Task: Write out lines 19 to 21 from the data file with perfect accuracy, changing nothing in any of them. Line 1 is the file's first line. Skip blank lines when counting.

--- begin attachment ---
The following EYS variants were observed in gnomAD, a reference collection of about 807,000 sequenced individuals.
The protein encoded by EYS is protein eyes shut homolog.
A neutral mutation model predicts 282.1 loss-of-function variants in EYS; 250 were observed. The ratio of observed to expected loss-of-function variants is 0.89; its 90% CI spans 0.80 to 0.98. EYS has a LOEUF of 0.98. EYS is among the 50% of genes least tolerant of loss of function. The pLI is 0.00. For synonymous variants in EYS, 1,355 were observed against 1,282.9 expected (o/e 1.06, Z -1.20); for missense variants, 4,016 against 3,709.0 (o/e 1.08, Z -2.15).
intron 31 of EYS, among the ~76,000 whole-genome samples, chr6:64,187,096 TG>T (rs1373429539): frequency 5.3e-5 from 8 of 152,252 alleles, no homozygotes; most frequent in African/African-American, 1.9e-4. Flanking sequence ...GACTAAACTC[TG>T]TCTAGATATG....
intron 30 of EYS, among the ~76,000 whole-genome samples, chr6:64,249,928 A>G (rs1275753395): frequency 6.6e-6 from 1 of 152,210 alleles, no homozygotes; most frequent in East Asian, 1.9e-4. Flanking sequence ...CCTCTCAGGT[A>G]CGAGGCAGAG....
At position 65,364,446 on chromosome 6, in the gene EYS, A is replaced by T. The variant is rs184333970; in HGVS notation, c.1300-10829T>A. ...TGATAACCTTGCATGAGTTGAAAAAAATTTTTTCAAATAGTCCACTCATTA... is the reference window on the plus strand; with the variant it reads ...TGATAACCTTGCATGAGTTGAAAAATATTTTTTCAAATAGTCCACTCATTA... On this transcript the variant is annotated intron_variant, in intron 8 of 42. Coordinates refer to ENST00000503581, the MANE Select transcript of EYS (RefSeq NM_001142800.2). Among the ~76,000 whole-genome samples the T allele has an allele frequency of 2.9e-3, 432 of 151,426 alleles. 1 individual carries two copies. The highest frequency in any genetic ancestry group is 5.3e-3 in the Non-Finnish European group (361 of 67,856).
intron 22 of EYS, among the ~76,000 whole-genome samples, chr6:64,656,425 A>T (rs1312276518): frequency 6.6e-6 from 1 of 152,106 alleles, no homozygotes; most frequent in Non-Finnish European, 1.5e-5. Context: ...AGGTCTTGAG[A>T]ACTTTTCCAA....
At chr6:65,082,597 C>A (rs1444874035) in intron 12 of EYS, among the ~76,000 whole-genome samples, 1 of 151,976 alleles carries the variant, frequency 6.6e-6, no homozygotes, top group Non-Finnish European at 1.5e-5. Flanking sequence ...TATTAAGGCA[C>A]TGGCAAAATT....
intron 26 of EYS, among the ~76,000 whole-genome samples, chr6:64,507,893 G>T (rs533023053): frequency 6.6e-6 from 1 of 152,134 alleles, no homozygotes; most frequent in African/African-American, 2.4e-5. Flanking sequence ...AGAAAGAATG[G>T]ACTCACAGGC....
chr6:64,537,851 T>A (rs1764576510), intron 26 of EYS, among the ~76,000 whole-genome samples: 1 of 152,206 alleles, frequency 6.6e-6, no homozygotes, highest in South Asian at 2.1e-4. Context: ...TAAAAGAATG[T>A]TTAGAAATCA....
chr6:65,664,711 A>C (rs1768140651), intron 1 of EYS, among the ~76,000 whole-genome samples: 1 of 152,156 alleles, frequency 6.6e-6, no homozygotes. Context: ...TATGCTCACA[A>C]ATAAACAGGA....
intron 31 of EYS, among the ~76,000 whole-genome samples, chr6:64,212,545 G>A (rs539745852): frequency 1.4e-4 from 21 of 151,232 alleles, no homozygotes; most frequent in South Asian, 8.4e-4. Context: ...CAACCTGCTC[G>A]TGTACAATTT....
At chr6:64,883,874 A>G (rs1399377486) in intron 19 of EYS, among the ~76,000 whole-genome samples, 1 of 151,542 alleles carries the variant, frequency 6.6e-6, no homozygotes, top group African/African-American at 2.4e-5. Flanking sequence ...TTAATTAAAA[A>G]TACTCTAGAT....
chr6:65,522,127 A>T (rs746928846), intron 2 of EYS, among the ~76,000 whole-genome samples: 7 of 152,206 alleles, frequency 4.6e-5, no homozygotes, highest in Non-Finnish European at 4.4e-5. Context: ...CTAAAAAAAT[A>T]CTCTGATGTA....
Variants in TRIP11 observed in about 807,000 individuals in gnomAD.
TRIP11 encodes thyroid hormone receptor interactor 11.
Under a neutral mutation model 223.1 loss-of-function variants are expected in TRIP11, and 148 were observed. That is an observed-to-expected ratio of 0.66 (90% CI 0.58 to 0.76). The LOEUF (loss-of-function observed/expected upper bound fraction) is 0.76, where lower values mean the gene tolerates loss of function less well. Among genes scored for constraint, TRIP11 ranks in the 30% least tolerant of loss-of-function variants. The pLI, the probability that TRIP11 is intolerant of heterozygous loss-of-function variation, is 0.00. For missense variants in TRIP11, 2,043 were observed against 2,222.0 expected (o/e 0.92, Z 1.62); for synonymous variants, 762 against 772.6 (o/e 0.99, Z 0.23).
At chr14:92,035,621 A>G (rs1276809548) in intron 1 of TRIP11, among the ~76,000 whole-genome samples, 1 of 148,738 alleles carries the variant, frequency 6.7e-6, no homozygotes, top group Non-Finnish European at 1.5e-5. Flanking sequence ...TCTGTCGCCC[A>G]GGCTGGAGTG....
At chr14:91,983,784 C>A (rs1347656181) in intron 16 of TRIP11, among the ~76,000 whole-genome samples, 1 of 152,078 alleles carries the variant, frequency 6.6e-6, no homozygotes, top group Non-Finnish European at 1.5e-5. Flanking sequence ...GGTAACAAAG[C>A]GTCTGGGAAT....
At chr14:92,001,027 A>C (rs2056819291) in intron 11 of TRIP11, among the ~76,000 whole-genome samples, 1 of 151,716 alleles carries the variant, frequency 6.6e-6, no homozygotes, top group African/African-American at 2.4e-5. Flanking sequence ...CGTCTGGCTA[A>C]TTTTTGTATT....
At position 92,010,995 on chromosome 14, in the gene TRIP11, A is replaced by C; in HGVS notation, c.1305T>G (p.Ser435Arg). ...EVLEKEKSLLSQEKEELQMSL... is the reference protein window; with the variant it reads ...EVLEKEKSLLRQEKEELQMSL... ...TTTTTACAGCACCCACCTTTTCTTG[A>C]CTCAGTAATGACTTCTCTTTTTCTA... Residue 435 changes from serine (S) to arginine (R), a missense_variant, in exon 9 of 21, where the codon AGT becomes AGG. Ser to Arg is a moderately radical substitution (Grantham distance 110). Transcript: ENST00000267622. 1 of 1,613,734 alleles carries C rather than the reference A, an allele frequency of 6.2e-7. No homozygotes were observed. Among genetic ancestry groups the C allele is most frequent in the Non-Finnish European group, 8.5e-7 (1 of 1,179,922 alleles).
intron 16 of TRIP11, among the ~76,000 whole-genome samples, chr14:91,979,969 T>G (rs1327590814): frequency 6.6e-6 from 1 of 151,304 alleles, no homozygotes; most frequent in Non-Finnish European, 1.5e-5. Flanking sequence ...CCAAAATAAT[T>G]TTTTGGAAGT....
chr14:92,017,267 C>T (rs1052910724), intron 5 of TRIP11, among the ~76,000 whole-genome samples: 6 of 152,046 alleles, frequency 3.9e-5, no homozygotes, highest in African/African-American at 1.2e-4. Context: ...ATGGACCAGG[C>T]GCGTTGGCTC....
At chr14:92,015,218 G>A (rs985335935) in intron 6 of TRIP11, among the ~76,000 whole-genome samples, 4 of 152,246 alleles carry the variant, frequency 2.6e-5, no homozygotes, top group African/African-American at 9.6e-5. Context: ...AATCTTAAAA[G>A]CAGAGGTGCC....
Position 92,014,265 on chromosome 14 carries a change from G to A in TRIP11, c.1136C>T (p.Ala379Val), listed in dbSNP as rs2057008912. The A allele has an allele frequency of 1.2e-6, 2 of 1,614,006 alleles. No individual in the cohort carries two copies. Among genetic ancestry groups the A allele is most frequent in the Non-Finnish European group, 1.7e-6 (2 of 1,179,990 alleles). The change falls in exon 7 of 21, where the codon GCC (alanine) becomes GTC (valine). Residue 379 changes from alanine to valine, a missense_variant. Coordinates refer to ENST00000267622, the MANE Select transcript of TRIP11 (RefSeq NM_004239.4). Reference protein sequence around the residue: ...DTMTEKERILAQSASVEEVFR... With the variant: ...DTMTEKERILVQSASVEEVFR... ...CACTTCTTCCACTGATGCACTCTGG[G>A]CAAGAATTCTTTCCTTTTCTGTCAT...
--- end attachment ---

At chr14:91,983,784 C>A (rs1347656181) in intron 16 of TRIP11, among the ~76,000 whole-genome samples, 1 of 152,078 alleles carries the variant, frequency 6.6e-6, no homozygotes, top group Non-Finnish European at 1.5e-5. Flanking sequence ...GGTAACAAAG[C>A]GTCTGGGAAT....
At chr14:92,001,027 A>C (rs2056819291) in intron 11 of TRIP11, among the ~76,000 whole-genome samples, 1 of 151,716 alleles carries the variant, frequency 6.6e-6, no homozygotes, top group African/African-American at 2.4e-5. Flanking sequence ...CGTCTGGCTA[A>C]TTTTTGTATT....
At position 92,010,995 on chromosome 14, in the gene TRIP11, A is replaced by C; in HGVS notation, c.1305T>G (p.Ser435Arg). ...EVLEKEKSLLSQEKEELQMSL... is the reference protein window; with the variant it reads ...EVLEKEKSLLRQEKEELQMSL... ...TTTTTACAGCACCCACCTTTTCTTG[A>C]CTCAGTAATGACTTCTCTTTTTCTA... Residue 435 changes from serine (S) to arginine (R), a missense_variant, in exon 9 of 21, where the codon AGT becomes AGG. Ser to Arg is a moderately radical substitution (Grantham distance 110). Transcript: ENST00000267622. 1 of 1,613,734 alleles carries C rather than the reference A, an allele frequency of 6.2e-7. No homozygotes were observed. Among genetic ancestry groups the C allele is most frequent in the Non-Finnish European group, 8.5e-7 (1 of 1,179,922 alleles).